â I. INTRODUCTION As at 17 August 2010 South African prisons were home to 4,868 sentenced foreign prisoners and 3,712 awaiting trial foreign inmates. Of the 4,868 sentenced prisoners, 1,845 had been convicted of economic-related crimes, 1,899 for aggressive offences, 560 of narcotic offences, 246 of sexual offences and 326 of âotherâ offences.1 Media reports indicate that it is estimated that over 1,000 South Africans are serving prison sentences in foreign countries such as Mauritius, the United Kingdom, Brazil and Venezuela and â[a]ccording to statistics made available by the Chief Directorate of Consular Services, 91 percent of women and 51 percent of men jailed abroad are serving drug-related sentences.â2 Other countries in the region such as Botswana,3 Namibia4 and Tanzania5 also host a sizeable number of foreign nationals in their prisons. However, unlike some countries in the region that have enacted legislation to govern the transfer of prisoners to and from their jurisdictions, South Africa is yet to enact such â LLD (University of the Western Cape), LLM (University of the Free State), LLM (University of Pretoria), LLB (Makerere University). Senior Lecturer, Faculty of Law, University of the Western Cape (UWC) and Research Fellow, Community Law Centre, UWC.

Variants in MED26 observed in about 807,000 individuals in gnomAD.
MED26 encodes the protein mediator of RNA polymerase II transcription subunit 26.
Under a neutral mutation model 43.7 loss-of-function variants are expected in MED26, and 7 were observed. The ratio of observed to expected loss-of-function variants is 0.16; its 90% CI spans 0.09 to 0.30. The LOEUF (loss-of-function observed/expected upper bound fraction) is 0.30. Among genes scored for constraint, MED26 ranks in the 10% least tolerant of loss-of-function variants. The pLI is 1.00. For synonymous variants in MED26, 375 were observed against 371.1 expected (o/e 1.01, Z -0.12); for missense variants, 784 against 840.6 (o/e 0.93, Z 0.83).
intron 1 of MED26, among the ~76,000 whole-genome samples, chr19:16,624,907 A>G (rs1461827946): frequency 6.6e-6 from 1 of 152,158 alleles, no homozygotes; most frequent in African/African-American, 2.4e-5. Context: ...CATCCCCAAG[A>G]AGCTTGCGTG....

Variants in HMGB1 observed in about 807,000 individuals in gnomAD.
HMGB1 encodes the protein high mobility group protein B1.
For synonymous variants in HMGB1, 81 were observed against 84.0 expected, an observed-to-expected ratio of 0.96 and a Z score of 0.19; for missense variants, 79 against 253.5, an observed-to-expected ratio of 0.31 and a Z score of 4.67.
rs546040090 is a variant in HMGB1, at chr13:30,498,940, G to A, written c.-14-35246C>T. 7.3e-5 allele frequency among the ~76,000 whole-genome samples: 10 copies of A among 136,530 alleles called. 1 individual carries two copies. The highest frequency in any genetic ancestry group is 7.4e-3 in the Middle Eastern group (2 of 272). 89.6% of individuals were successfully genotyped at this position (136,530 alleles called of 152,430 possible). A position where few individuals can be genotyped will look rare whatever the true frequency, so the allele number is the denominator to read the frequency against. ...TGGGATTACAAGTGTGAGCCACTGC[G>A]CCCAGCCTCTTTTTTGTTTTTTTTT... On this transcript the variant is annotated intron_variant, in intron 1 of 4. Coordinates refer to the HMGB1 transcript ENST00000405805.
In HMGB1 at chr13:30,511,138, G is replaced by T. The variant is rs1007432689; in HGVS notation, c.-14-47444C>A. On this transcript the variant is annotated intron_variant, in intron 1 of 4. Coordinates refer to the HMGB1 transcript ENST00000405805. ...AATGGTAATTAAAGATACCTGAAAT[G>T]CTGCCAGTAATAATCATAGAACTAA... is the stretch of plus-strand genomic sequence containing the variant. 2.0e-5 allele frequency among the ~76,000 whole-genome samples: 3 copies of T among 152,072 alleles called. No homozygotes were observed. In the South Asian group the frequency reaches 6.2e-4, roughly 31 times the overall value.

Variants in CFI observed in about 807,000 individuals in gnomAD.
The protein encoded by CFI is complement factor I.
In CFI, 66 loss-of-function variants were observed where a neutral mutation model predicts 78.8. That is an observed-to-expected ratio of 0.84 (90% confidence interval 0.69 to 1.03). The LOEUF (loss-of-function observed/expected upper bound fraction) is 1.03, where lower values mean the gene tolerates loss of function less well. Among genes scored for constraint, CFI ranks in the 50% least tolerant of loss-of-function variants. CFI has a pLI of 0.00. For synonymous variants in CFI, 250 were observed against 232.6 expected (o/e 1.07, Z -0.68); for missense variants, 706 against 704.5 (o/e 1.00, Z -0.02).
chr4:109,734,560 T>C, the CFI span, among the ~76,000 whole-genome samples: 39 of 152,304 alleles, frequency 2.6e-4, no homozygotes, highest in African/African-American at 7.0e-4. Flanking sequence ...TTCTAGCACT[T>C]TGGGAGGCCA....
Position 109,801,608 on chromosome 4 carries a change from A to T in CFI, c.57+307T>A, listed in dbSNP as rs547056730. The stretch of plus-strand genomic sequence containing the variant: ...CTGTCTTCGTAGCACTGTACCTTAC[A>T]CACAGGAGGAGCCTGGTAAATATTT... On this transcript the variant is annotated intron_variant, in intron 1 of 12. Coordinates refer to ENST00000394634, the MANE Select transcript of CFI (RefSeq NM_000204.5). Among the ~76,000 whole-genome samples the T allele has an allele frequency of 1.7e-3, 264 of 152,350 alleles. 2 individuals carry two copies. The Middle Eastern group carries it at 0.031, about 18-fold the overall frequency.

African Journal of International and Comparative Law – Edinburgh University Press
Published: Jun 1, 2012